Nepal has around 900 endemic bird species

Birdwatching in Nepal

Birdwatching in Nepal

Nepal is spread 880 kilometers along the Himalayan range and 193 kilometers wide, with altitudes ranging from 8849 meters on Mt. Everest to 70 meters in the Terai lowlands. As a result of its biodiverse topography, Nepal is home to a wide variety of flora and fauna. According to the Checklist of Birds of Nepal (2020), there are over 900 bird species in Nepal, 42 of which are classified globally endangered. Around 150 species of migratory birds travel to Nepal during the winter months to breed and nest while escape the harsh cold of the Northern Hemisphere.

Birdwatching in Lumbini

The protected archaeological site of Maya Devi temple, nestled within Lumbini garden, is one of the most important Buddhist pilgrimage destinations. The region of Lumbini is well-known for being the birthplace of Siddhrtha Gautama, the Lord Buddha, but it is less known for its profusion of birdlife. Lumbini’s rich green floral gardens, sprawling farmlands, and densely forested wetlands provide great habitat for indigenous birds. The Lumbini region is home to over 300 indigenous bird species, making it a popular destination for avid birdwatching enthusiasts.
The seasonal rivers of Telar, Tinau, Sundi and Dano in the area are considered important ecological factors for birds. The 556-acre Jagadishpur Reservoir, located 30 kilometers west of Lumbini, is Nepal’s largest artificial lake. The reservoir provides perfect breeding, nesting and foraging habitat for birds.

The Sarus Crane

Lumbini has the densest population of the Sarus Crane, the world’s largest flying bird. A unique bird that is threatened globally, yet frequently breeds in the region. The Sarus Crane is seen as a sign of love and happiness by Terai residents. They believe the Sarus Crane is the local ruler because it follows the same attentive behaviors as a watchdog at night.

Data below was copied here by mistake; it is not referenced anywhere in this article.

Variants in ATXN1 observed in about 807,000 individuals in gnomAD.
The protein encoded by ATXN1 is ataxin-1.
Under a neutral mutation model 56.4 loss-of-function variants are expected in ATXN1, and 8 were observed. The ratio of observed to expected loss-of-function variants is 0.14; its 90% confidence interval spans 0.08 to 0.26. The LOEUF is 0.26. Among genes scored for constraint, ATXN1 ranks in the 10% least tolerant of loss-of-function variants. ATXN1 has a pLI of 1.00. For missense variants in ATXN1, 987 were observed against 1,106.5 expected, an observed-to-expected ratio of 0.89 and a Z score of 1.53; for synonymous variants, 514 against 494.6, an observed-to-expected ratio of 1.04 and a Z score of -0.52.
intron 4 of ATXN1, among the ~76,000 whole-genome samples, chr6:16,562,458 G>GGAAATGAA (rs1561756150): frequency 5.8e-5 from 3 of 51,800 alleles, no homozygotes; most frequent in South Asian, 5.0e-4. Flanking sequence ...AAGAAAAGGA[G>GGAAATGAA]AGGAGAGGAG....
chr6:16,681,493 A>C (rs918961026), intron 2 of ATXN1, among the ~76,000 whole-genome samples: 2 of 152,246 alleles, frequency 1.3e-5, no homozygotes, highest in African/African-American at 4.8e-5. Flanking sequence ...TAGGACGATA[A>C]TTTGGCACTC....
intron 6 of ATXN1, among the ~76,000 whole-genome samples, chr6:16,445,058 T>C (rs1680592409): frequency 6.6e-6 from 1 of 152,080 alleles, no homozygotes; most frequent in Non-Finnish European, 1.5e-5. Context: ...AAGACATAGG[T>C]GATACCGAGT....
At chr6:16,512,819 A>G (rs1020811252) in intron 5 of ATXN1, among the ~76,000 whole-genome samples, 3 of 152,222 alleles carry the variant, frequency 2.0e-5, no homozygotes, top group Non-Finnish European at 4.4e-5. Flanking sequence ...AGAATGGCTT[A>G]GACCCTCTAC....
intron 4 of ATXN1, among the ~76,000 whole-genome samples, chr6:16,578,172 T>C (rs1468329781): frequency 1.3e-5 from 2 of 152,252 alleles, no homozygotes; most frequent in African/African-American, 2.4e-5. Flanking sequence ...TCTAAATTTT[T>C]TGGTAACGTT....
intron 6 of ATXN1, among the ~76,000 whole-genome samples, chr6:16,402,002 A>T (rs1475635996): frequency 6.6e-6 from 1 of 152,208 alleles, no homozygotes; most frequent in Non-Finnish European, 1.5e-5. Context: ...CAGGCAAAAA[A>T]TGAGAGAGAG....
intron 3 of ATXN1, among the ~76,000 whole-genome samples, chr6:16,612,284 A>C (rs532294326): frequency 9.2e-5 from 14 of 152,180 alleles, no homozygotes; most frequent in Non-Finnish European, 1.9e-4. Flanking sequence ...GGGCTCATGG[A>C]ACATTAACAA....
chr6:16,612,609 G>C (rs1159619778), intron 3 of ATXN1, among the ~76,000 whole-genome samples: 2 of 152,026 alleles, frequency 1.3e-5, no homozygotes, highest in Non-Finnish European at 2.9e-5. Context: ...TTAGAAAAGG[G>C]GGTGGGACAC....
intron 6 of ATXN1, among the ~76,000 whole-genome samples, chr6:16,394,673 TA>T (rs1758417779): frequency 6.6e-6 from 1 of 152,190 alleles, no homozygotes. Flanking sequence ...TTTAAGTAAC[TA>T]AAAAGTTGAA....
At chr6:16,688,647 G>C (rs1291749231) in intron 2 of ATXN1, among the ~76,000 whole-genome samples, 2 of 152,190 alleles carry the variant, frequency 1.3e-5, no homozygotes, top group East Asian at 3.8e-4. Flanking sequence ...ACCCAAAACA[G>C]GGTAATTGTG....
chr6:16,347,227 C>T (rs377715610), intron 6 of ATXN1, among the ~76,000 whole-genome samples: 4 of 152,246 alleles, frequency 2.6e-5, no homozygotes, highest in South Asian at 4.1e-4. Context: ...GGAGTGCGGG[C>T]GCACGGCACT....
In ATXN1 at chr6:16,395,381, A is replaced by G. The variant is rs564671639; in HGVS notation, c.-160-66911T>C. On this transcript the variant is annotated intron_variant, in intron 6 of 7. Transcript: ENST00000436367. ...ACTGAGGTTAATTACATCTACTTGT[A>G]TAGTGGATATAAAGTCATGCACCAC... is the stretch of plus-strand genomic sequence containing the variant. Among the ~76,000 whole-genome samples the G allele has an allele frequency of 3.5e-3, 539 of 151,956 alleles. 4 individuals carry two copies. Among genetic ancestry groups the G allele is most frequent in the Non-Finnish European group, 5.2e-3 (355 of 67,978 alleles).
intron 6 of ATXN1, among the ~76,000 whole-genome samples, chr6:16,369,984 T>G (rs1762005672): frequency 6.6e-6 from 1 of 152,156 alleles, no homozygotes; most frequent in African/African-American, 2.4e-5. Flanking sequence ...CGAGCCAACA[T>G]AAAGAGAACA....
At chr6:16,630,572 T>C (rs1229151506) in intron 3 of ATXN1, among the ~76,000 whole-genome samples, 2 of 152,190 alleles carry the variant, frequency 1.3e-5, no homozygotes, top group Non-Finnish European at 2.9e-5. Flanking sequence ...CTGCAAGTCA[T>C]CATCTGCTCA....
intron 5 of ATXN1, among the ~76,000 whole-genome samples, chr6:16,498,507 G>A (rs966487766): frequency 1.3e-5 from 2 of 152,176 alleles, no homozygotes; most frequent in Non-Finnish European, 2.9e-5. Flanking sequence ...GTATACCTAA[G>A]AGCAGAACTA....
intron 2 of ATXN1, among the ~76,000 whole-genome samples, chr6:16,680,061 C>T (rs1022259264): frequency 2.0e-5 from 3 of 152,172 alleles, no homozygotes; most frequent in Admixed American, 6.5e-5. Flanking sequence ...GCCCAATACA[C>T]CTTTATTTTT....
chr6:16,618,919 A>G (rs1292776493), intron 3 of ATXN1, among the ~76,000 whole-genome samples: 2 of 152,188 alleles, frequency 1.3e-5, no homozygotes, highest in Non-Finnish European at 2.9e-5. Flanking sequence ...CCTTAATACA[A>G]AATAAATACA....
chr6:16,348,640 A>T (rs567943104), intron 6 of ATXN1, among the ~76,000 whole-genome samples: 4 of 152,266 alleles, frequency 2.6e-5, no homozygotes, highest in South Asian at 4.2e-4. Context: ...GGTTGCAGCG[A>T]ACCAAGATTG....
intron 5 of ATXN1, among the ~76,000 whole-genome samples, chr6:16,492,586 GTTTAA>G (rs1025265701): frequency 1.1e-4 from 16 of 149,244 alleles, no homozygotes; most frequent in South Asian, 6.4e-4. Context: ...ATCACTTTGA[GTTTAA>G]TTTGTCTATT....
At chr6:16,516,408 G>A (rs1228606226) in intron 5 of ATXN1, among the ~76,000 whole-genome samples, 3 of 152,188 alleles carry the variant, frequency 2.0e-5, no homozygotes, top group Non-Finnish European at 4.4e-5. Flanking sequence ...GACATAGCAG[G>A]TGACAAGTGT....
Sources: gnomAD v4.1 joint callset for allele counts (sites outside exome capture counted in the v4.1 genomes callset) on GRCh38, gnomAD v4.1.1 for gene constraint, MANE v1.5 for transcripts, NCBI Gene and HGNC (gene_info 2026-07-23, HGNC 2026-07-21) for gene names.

The Lumbini Crane Sanctuary protects and conserves around 100 hectares of wetland within the Lumbini garden, is next to World Peace Pagoda. It is a preserved area where the Sarus Crane can find a safe and suitable habitat. It is estimated that about 90-100 pairs of Sarus Cranes are nesting in and around the Lumbini Masterplan area.

Birdwatching tour with Pumori Journeys

Early morning walks through gardens, farmland, and wetlands are a treat to see a plethora of local and migratory birds.
Take part in this fantastic birdwatching parade led by our local bird specialist. Because of the warm weather and numerous ponds and wetlands, Lumbini and its vicinity have become a magnet for birds. Thousands of domestic and foreign visitors travel to Lumbini solely for the purpose of birdwatching; join them.
Lumbini is a great destination for birdwatching, and it’s easy to get to, with an international airport only a 30-minute drive away.
The climate in the region is subtropical, with hot summers and an extremely humid monsoon season. The best seasons for bird watching in Lumbini are the months of February through May, as well as October to November. However, for the best bird watching opportunities, we recommend visiting during the winter months. Your birdwatching excursion can be tailored to fit your schedule, interests, and budget. We offer individuals and small groups to perform bird watching or photography expeditions.

The common local birds

Lesser Adjutant, Great Indian Hornbill, Asian Openbill, Red-wattled Lapwing, Little Bunting, Indian Spotted Eagle, Grey Heron, Purple Sunbird, Painted Stork, and Water Cock (just to name a few). These can sighted all year around foraging, running, and flying around the Sacred Garden in Lumbini.

The migratory birds

These include the Lesser Whistling-duck, Black-necked Stork, Black-headed Ibis, Little Grebe, and many more. These guest birds fly to Lumbini from different parts of the world, such as Siberia, Kazakhstan, Turkmenistan, Mongolia, and Tibet.

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